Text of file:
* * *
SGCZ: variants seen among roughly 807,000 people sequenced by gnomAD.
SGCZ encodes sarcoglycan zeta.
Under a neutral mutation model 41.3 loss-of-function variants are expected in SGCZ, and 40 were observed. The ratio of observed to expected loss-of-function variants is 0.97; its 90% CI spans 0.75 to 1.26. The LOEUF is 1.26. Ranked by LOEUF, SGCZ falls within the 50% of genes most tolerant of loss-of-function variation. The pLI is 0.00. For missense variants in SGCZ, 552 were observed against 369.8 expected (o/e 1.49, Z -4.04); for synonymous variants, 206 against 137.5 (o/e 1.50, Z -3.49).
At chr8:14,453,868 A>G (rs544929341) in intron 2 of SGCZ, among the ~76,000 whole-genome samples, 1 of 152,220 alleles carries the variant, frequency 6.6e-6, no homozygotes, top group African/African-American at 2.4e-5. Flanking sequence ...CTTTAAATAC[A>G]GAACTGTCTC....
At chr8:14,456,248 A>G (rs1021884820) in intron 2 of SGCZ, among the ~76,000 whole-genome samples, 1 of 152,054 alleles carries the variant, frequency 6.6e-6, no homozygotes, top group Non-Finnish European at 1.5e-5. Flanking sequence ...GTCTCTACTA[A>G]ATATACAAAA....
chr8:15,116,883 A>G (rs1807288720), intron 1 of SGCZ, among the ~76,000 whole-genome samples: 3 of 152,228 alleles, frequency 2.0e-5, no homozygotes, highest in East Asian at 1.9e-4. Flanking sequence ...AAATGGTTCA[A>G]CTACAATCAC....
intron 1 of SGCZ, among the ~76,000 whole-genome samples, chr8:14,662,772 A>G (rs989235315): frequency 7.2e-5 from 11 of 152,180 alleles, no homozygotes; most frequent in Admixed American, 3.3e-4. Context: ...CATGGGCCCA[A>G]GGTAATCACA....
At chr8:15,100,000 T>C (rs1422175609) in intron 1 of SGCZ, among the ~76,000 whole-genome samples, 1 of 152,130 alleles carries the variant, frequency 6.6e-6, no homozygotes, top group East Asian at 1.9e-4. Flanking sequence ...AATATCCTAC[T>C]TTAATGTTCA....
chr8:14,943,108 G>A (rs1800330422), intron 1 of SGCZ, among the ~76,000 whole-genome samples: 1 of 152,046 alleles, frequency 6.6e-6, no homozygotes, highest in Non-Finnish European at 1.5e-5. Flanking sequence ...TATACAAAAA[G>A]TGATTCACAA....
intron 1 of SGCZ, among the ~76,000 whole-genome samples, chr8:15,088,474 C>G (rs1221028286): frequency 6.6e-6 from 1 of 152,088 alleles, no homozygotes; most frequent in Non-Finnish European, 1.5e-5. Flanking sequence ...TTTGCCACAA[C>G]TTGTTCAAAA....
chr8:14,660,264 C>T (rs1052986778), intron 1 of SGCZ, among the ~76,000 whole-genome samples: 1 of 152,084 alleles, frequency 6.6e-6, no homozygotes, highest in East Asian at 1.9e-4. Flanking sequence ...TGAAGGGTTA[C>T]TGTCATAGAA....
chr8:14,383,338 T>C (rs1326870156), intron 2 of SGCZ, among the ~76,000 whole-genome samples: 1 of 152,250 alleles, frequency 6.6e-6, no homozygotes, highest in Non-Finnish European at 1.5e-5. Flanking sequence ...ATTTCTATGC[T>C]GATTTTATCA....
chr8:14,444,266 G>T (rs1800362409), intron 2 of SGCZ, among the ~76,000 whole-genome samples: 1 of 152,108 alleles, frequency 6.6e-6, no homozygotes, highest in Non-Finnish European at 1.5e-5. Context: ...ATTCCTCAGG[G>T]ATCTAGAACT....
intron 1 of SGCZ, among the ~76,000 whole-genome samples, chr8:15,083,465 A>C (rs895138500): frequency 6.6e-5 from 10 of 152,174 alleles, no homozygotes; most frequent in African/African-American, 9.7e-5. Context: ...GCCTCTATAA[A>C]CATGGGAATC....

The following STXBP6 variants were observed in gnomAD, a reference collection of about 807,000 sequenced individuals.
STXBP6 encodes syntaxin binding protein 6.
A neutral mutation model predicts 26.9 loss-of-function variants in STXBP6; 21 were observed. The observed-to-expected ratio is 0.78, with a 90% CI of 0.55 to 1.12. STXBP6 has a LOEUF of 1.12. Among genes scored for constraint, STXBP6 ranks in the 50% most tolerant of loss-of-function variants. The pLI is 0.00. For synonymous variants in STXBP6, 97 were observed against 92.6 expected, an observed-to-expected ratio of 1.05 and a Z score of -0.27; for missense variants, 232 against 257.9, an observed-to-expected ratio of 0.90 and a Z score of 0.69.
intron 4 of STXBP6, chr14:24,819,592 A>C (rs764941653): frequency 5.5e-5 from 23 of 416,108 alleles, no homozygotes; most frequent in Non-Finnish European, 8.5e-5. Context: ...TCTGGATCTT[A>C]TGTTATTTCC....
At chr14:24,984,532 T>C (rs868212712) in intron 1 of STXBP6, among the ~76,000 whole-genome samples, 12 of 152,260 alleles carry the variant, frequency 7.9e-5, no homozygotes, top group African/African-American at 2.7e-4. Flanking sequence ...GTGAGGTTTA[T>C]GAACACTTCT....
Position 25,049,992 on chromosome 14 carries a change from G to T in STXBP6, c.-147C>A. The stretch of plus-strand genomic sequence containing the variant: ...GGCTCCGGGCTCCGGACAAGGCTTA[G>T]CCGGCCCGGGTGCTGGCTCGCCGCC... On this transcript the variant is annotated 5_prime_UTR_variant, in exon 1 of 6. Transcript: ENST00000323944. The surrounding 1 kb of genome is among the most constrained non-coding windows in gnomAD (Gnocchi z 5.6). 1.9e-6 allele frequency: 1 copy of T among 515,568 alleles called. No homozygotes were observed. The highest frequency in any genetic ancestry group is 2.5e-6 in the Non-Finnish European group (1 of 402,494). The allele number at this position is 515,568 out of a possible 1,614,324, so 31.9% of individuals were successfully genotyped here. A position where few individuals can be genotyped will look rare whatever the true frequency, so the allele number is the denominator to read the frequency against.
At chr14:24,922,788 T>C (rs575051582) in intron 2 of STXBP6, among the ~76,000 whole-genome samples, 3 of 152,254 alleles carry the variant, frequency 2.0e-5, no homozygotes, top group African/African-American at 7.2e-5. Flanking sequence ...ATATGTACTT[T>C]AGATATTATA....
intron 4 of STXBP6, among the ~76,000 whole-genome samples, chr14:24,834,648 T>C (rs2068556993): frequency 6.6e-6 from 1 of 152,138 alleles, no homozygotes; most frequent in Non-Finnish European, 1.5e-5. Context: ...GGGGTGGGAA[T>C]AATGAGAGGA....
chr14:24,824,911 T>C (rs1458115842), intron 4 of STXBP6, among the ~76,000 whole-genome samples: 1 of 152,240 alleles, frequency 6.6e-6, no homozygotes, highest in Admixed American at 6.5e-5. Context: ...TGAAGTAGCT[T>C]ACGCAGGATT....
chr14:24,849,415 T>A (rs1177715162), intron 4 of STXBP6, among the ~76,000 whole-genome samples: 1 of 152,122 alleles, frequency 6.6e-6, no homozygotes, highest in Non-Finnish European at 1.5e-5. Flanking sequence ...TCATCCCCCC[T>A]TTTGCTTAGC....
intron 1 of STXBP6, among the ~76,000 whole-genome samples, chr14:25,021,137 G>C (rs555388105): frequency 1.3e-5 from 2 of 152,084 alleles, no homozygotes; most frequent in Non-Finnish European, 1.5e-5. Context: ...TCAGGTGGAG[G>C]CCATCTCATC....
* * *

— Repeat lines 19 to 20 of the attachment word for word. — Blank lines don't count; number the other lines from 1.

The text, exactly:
At chr14:24,984,532 T>C (rs868212712) in intron 1 of STXBP6, among the ~76,000 whole-genome samples, 12 of 152,260 alleles carry the variant, frequency 7.9e-5, no homozygotes, top group African/African-American at 2.7e-4. Flanking sequence ...GTGAGGTTTA[T>C]GAACACTTCT....
Position 25,049,992 on chromosome 14 carries a change from G to T in STXBP6, c.-147C>A. The stretch of plus-strand genomic sequence containing the variant: ...GGCTCCGGGCTCCGGACAAGGCTTA[G>T]CCGGCCCGGGTGCTGGCTCGCCGCC... On this transcript the variant is annotated 5_prime_UTR_variant, in exon 1 of 6. Transcript: ENST00000323944. The surrounding 1 kb of genome is among the most constrained non-coding windows in gnomAD (Gnocchi z 5.6). 1.9e-6 allele frequency: 1 copy of T among 515,568 alleles called. No homozygotes were observed. The highest frequency in any genetic ancestry group is 2.5e-6 in the Non-Finnish European group (1 of 402,494). The allele number at this position is 515,568 out of a possible 1,614,324, so 31.9% of individuals were successfully genotyped here. A position where few individuals can be genotyped will look rare whatever the true frequency, so the allele number is the denominator to read the frequency against.